“As soon as the market is ready, we are ready”

“As soon as the market is ready, we are ready”

When will Volvo introduce electric buses in South Africa? And what role will Volvo Buses play in shaping the future of urban mobility and smart cities? These were just two of the questions CHARLEEN CLARKE posed to Manish Sahi, vice president – Middle East, Africa and CIS at Volvo Bus Corporation, in this exclusive interview.

Sahi was, of course, one of the members of the management team that hosted Volvo’s world launch of the BZR Electric, its global platform for city, intercity, and commuter operations. In between listening to presentations and test driving the company’s vehicles, we sat down with him for an intriguing face-to-face.

Which markets are you responsible for and which are the biggest?

I am responsible for all the bus business in the MEAC region (Middle East, Africa, Israel, and CIS countries, as well as India). The size of the market depends on which cities are buying buses at that particular time; it’s highly dependent on tenders. At one stage, it was the UAE, but the most stable markets are currently Morocco, Egypt, and South Africa.

Which markets in your region are showing the most growth, and how do they compare?

For us, in 2023, it would be South Africa and Morocco. The coach volume really grew in South Africa last year. Operators didn’t buy during Covid, but now they’re renewing their fleets. The two markets are similar on the coach side of the business (you have the private operators running coaches), although Morocco has been faster when it comes to the city tenders.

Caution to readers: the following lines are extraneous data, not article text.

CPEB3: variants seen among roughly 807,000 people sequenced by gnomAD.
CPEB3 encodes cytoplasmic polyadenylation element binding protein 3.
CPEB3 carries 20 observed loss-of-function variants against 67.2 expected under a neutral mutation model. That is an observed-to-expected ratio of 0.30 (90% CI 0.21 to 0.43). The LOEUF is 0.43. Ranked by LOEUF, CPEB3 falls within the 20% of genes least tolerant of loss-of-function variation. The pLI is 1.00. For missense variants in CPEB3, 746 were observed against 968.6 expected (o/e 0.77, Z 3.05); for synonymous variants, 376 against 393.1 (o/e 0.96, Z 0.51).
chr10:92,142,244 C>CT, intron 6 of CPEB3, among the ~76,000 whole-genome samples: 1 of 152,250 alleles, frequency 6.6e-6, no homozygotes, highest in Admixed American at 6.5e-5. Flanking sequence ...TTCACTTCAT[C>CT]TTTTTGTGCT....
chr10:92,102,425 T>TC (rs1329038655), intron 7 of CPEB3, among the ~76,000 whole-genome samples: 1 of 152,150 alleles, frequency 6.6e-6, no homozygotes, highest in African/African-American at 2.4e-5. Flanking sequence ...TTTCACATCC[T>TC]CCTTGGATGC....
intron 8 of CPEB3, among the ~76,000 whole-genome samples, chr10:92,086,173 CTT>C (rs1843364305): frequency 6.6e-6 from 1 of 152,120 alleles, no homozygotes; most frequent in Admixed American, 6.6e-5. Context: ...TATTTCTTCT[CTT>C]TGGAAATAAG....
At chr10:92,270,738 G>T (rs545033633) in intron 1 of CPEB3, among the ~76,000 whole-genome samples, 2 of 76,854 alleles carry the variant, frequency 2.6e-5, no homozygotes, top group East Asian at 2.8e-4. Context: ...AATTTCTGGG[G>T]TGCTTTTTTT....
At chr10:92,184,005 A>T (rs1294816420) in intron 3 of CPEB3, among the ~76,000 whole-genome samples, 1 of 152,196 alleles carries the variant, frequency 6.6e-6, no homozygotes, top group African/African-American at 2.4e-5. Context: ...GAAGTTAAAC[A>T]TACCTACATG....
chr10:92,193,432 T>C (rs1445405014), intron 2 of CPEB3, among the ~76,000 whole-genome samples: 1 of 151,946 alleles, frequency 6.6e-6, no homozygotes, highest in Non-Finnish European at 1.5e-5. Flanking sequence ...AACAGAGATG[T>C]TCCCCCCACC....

What specific challenges and opportunities are there within the Middle East, Africa, and CIS regions when it comes to public transport?

If you look at the markets in which we operate, we have Euro 2 to 6 and electric – so, we’re talking a complete range of markets, with very different needs and regulations. Each country, each city is very different, so it’s very difficult to compare. All the markets in which we operate need to modernise their city operations in order to satisfy their customers; resources are a challenge, as is implementing the tenders, but the potential is tremendous. 

What is your current market share in South Africa and how do you plan to grow it?

We are the coach market leaders in South Africa: one of the key things is that the customers like the products we’re offering. They’re efficient and reliable. Customers constantly tell us that the Volvo products are the best in the market, and our customer base is growing after Covid. We are seeing some realignment of market players and we will grow along with our operators.

When will you launch electric buses in South Africa?

As soon as the market is ready, we are ready for the market; we have the products. We have the low floor, low entry products and we will be able to offer the full product range. We are in discussions with various partners and the time frame will depend on when the market is ready for these vehicles.